White residents of areas undergoing gentrification are more likely than minorities to define their neighborhood as a smaller subset of an area that they perceive to have lower socioeconomic status and more crime, and to refer to their neighborhoods by new names that are often dreamed up or at least popularized by real estate agents.
That’s one takeaway from a study by a Harvard University doctoral candidate that looked at how residents of a gentrifying neighborhood in South Philadelphia “socially construct” neighborhood boundaries and names, potentially contributing to inequality.
In their eagerness to embrace new neighborhood boundaries and names, white residents may be making things tougher for minorities who live in areas that are excluded. Informal neighborhood boundaries are sometimes used to allocate reinvestment and redevelopment funds, and some areas may miss out on much-needed assistance if they are “defined out” of areas seen as up-and-coming, writes CityLab.com’s Richard Florida.
In “The Social Construction of a Gentrifying Neighborhood,” Harvard University doctoral candidate Jackelyn Hwang interviewed 56 residents of a gentrifying neighborhood in South Philadelphia.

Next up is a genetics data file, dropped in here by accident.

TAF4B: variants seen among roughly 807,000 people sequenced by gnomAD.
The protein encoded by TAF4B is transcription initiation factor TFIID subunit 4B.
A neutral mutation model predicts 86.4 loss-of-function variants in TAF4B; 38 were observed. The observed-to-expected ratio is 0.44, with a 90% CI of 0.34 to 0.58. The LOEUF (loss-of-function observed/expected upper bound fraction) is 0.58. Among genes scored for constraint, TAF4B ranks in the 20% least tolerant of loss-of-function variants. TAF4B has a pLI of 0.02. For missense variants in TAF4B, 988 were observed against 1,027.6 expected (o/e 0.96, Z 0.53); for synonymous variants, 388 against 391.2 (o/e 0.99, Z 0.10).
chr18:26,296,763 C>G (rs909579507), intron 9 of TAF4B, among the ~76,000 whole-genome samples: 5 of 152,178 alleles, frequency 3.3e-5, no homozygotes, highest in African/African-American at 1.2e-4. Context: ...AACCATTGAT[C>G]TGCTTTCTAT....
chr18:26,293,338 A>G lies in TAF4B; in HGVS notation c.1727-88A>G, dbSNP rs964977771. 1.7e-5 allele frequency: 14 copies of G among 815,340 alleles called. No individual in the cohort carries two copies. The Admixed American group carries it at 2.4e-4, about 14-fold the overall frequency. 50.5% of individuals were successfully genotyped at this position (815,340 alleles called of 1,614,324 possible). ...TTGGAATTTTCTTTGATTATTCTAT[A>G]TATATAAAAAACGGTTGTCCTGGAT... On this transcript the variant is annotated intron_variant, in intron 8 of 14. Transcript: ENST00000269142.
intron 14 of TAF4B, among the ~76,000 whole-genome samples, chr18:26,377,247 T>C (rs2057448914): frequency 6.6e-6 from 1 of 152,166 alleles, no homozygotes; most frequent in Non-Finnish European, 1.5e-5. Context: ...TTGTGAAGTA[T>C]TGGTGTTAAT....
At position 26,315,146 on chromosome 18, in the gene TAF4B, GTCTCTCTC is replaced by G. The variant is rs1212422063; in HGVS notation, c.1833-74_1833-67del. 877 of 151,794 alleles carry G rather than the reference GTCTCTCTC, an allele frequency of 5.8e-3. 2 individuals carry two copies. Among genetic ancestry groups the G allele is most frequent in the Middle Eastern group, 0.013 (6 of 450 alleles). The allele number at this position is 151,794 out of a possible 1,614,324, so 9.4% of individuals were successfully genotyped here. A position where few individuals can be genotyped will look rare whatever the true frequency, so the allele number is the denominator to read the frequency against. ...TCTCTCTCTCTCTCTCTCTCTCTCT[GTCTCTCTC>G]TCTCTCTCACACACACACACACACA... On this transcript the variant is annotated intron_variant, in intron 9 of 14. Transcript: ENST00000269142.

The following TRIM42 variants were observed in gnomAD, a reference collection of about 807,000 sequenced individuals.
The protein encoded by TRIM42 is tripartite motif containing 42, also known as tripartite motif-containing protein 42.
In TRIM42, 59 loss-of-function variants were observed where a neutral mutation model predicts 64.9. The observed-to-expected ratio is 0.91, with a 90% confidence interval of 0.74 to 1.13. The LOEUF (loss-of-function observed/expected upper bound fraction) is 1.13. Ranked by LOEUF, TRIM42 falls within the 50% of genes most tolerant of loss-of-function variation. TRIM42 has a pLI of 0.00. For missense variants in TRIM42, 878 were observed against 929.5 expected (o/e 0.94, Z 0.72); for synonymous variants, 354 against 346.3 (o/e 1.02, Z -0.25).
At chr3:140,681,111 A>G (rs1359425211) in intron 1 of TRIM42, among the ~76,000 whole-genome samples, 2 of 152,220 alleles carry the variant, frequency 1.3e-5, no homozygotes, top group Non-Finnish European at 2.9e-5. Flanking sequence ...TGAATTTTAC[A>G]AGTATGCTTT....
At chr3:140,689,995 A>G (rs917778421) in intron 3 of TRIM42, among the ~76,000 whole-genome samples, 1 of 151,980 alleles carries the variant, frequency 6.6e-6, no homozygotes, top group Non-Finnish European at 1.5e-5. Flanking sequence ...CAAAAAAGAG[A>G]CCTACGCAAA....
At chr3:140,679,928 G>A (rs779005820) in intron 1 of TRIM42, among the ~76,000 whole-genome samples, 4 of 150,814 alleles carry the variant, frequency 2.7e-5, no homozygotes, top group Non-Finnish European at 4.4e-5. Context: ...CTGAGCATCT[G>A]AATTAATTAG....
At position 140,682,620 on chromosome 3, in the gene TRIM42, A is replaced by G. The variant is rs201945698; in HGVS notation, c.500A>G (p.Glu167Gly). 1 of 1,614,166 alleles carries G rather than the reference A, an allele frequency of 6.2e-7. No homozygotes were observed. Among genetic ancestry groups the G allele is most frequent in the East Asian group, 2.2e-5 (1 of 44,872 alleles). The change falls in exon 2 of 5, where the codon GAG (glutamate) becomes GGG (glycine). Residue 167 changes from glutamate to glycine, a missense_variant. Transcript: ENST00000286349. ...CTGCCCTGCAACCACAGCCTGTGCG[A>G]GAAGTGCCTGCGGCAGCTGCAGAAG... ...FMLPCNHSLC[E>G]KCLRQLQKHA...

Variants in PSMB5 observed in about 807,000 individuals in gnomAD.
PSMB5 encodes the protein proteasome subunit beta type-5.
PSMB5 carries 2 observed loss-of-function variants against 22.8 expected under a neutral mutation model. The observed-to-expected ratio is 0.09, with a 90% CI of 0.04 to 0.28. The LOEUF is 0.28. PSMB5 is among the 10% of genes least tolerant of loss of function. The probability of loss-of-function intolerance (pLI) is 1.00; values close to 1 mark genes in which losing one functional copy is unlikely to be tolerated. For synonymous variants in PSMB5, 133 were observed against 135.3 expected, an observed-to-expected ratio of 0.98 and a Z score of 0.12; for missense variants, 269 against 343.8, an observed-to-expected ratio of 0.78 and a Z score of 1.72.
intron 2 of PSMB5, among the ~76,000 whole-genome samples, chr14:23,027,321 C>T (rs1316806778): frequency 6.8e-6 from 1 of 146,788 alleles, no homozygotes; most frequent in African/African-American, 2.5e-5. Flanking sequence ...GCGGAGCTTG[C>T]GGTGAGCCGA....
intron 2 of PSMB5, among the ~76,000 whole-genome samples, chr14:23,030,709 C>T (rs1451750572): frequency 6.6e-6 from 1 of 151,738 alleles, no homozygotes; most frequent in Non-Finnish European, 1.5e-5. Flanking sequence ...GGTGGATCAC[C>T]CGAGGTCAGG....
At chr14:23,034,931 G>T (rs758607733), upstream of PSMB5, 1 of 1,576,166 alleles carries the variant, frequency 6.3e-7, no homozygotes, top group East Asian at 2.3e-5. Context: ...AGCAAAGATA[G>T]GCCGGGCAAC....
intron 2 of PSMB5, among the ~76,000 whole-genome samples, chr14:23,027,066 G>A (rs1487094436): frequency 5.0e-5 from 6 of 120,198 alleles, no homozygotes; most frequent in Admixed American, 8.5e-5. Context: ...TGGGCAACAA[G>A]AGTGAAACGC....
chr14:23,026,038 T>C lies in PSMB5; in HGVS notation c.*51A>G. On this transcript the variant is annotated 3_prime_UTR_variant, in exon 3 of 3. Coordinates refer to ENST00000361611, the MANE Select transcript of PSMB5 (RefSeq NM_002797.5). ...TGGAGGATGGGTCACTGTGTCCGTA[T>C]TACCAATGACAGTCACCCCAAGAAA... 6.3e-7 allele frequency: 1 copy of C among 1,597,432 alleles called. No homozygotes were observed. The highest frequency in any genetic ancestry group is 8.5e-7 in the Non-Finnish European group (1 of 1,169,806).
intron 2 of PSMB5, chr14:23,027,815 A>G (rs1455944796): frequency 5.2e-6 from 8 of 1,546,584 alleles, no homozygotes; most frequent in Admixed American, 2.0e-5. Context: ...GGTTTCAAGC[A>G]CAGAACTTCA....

Most minority respondents — regardless of their socioeconomic status and or how long they’d lived in the area — defined their neighborhood as “South Philly” — “a large and inclusive spatial area” that invoked the area’s black cultural history, Hwang reported.
Whites tended to carve up the area studied into smaller neighborhoods, with newer names like “Graduate Hospital,” “G-Ho,” “South Rittenhouse” and “Southwest Center City.”
Real estate agents are often seen as inventing or at least popularizing new neighborhood boundaries and names — Florida cites a New York magazine article in which film director Spike Lee rails against gentrification, decrying new names for parts of Harlem (“SpaHa”) and Bushwick (“East Williamsburg”).
In Oakland, California, real estate agents have been accused of “rebranding” an area that includes sections of North Oakland, South Berkeley and Emeryville as “NOBE,” to the consternation of some longtime residents and neighborhood groups.
Some of those commenting on Florida’s CityLab.com’s piece also riffed on real estate agents’ purported role in slapping new labels onto communities.
“Realtors have a vested interest in changing the names of areas perceived as “bad,” and popularizing names seen as “good,” said one commenter. “This can increase sales prices.”